"Roger's your dog?" said Dr. Fraud, peering over the top of his Notebook a little cautiously. When he'd still been teaching at the Academy in Vienna there'd been an incident with a poodle, two oysters, and a head of cabbage that had left him with a slight fear of dogs. Luckily Roger, a King Charles Spaniel, was sat quietly on the couch licking parts of his anatomy.
"Yes," said the child sat on the floor beneath the dog.
"And you find your dog... erotic?" said Dr. Fraud even more cautiously, eyeing his new timer. The Father Time egg timer had been broken when Bethany had seized the scythe and tried to cut Dr. Fraud's throat with it. He'd replaced it with a scale model of the Liberty Bell, which gonged rather loudly when the patient's time was up.
"No," said the child in the patient voice that children use with grown-ups they find to be rather slow. "I think Roger's neurotic. Specifically I think he has an obsessive disorder. I'm always having to wash his paws for him."
"Oh really?" said Dr. Fraud, suddenly interested. He'd written a lengthy paper on obsessive disorders ten years ago in which he'd exhaustively catalogued all the literature on the subject. Its sole review, in the Journal of Pathological Psychologists, had commented that the paper was a perfect example of its subject which Dr. Fraud thought might be a compliment. "Do you wash his paws a lot then?"
"Six times a day, at least," said the child. "Whenever he thinks his paws are dirty I have to wash them for him."
"How does he tell you that his paws are dirty?" said Dr. Fraud typing rapidly into his Notebook. "Does he bark at you? Or perhaps he comes up and shows you his paws? I think I remember a case where a cat would leave messages on a recordable alarm clock... no, wait, I can't tell you about that until the book is published."
"No, nothing like that," said the child. A puzzled look crossed his face. "He just tells me."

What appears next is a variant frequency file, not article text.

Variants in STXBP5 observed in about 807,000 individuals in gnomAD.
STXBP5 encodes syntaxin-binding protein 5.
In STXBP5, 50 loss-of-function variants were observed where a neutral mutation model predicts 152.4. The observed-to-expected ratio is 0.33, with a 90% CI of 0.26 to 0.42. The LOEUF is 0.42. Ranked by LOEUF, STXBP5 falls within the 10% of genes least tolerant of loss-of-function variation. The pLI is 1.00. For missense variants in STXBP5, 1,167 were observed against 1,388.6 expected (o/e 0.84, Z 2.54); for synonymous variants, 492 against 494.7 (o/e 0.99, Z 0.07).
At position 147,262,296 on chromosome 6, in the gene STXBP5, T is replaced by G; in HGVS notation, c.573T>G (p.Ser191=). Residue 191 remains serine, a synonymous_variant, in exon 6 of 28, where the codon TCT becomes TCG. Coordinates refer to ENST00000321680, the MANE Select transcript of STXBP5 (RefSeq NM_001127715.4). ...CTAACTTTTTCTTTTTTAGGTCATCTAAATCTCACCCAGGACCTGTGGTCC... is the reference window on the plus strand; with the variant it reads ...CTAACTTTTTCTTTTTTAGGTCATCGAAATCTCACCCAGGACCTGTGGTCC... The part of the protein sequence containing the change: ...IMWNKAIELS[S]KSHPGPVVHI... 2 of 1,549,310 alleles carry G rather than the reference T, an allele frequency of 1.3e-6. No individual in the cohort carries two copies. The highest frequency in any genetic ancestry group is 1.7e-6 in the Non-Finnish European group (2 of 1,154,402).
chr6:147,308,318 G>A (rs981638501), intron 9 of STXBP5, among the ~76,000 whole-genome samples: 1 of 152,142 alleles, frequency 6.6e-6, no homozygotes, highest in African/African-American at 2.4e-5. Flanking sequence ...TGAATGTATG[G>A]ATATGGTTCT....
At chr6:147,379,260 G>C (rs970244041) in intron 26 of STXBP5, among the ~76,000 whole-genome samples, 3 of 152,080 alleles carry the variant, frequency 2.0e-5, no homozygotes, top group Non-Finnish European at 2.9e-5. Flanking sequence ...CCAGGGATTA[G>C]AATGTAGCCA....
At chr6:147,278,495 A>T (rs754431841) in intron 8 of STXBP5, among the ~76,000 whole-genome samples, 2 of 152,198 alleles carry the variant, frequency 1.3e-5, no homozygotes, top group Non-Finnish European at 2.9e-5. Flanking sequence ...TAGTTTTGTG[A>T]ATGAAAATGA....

"Tells you how?" said Dr. Fraud. "Have you trained him to do something when he needs to communicate with you?"
"He looks at me, and I know that he wants his paws washing."
"Extra-ordinary!" said Dr. Fraud. "I've heard tell that pets and their owners can share bonds that the rest of us can't understand. Does he tell you anything else? Does he, perhaps, tell you to kill people?"
"No!" said the child. "He's a good dog!"
"Oh," said Dr. Fraud not bothering to hide his disappointment. "Well. I think I'll need to do some research on this as I'm not a vet and haven't specialised in pet disorders. You'll need to come back this time next week, but I'll only bill you half for this session."
"But my mother won't be back to pick me up for another half-hour."
"Oh yes," said Dr. Fraud checking his Notebook for his email and briefly wondering why there seemed to be three new emails from an eHarmony profile called ButchSpanker4U. "About that. My secretary tells me that your mother was involved in a hit and run accident as she left my office earlier. You'll need to make your own way home."
He reached deftly out to the Liberty Bell timer and twisted the dial to the hour. The gonging of the bell drowned out the small child's tears and caused plaster dust to shower down from the ceiling like impromptu snow.